Airline Pilots ‘Produce Safety’ Every Single Day

By Capt. Todd Lisak (JetBlue), Director, ALPA Human Factors & Training Group

What is human factors as applied to aviation? Taking a complex topic and putting it simply, human factors knowledge is used to optimize the fit between pilots and the systems in which they work. ALPA’s Human Factors & Training (HFT) Group advocates for the integration of human factors into all flight operations and training programs, aircraft design and certification, and standard operating procedures to improve safety and performance.

As airline pilots, we have a direct appreciation for the foundational role that pilot resiliency and adaptability have in affecting safe outcomes in our demanding environment. We strive for excellence every time we fly. This constant desire for improvement and attention to detail results in pilots “producing safety.” This concept, and the frequency with which it happens, is often lost behind the focus on what went wrong in rare but high-profile events. There’s seldom a news story about pilot decision-making or intervention that averted disaster, which is something pilots throughout the system do every single day. Failure to examine and share the strengths of pilot decision-making, indeed resiliency, that result in positive outcomes diminishes the opportunities to learn and continually improve upon a strong safety record. That’s why each year at our Air Safety Forum, ALPA recognizes flightcrew members who’ve averted disaster with our Superior Airmanship Award.

Yet resiliency alone isn’t enough. Adaptability is a uniquely human strength and an indispensable pilot trait. Advancements in aviation require pilots to perceive and process a wide array of system feedback and alerting presented in multiple formats. We must understand and adapt to system anomalies, system interface issues, and other unexpected behavior. Recognition of this demand for a continual state of cognitive processing and decision-making has been a game changer in the industry and its approach to safety-driven practices. By proactively adapting policies, procedures, and training, we more effectively leverage irreplaceable human strengths to further improve safety performance.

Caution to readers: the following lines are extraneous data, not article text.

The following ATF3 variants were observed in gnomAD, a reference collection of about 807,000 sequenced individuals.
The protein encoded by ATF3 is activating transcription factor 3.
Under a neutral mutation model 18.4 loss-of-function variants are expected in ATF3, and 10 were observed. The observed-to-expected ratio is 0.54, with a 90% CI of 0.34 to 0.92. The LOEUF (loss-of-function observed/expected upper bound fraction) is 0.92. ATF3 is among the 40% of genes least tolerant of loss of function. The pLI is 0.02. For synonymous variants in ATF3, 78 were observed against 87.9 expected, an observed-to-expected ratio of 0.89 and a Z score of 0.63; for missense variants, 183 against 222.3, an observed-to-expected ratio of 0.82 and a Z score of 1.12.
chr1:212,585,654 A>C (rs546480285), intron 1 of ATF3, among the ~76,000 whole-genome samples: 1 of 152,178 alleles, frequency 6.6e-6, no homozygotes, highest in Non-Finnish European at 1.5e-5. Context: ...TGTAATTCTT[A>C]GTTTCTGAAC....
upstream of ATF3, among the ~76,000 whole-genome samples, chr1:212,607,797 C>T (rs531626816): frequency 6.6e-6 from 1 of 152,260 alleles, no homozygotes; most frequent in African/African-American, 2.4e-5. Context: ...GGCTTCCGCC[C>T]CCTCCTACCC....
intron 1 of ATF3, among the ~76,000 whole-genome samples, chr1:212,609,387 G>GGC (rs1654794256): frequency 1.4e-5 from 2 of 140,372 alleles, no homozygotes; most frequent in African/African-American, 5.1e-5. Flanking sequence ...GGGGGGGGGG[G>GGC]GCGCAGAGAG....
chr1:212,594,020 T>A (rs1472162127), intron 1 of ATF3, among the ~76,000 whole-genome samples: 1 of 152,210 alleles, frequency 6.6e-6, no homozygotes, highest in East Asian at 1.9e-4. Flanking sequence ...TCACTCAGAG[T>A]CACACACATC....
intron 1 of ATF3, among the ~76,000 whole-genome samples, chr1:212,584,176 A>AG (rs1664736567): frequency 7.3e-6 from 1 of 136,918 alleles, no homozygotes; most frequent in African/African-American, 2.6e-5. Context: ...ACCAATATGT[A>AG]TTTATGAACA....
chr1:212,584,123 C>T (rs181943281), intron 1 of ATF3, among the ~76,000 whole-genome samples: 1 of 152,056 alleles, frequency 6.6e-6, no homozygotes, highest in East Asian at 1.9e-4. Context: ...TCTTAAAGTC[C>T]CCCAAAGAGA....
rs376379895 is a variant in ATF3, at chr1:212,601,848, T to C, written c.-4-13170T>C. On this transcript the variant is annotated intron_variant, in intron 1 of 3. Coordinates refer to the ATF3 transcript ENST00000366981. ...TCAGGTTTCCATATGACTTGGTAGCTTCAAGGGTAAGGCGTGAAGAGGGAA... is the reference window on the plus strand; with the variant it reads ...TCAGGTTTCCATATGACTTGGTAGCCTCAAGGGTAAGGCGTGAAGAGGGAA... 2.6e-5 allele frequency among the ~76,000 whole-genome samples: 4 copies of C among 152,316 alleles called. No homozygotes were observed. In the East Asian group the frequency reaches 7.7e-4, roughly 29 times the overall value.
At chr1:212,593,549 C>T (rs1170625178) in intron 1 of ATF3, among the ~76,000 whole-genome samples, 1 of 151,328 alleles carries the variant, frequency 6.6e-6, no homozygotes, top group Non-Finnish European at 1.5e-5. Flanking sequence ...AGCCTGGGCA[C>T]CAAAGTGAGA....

Understanding human factors provides crucial awareness in aviation. It enables us to harness the strengths and mitigate the limitations of human cognition to successfully handle flights where things don’t go as expected. On every flight, pilots hone their communication, CRM, threat and error management, and monitoring skills. The airline industry’s outstanding safety record happens because well trained, well rested, and professional pilots practice and produce safety on every single flight

As an industry, we strive to incorporate these human factors concepts throughout all aspects of the operation. ALPA’s HFT Group collaborates with other organizations to help share this pilot perspective in developing policy, practices, and technology. On the global level, HFT Group members are part of the International Federation of Air Line Pilots’ Associations Human Performance Committee and sit on International Civil Aviation Organization panels, such as the Personnel Training and Licensing Panel, to ensure that our voice is heard.

The safety of our skies reflects the relentless commitment of pilots. Our adaptability, resiliency, and drive for betterment aren’t just professional skills; they’re what keep us ahead. By living these values, we do more than fly aircraft—we embody and perpetuate the essence of aviation safety and excellence. ALPA’s HFT Group will continue to emphasize and advocate for the importance of pilot contributions to aviation safety throughout the group’s work.

Aviation Safety Standards and the Threat of Reduced-Crew Operations

While sophisticated technologies are continually being developed to support pilots in the performance of their duties, some within the airline industry have the misguided notion that technology alone can ensure the safety of flight operations. Although ill-advised, reducing the number of crewmembers on the flight deck is a serious threat, and the situation demands urgent and immediate action to defend the safety standards that ALPA and other safety advocates have fought so hard to achieve.

“Removing pilots from the flight deck will increase risk to the public and will place the safest mode of transportation in the world in jeopardy,” says Capt. Jason Ambrosi, ALPA’s president. “Some argue that, despite the safety risks, your future flight should be operated with fewer pilots on the flight deck. As an airline captain, I can tell you that’s insane.”

In response to this threat, ALPA, the European Cockpit Association, the International Federation of Air Line Pilots’ Associations, and three global pilot alliances launched a worldwide grassroots advocacy campaign, “Safety Starts with Two.” The campaign includes a website, a virtual toolkit for social media engagement, and a physical toolkit that includes bag tags, badge backers, and stickers—in Arabic, Chinese, English, French, and Spanish—for use by ALPA members and the global pilot community, including the Associations of Star Alliance Pilots, the Oneworld Cockpit Crew Coalition, and the SkyTeam Pilots Association, as a way to demonstrate their support and engage with members, local regulators, and legislators.

The greatest guarantee of safety on any airline flight is the presence of at least two highly trained pilots on the flight deck at all times. Join ALPA and its partners in spreading the message that Safety Starts with Two. For more information, contact—Gavin Francis, Senior Aviation Writer

This article was originally published in the April 2024 issue of Air Line Pilot.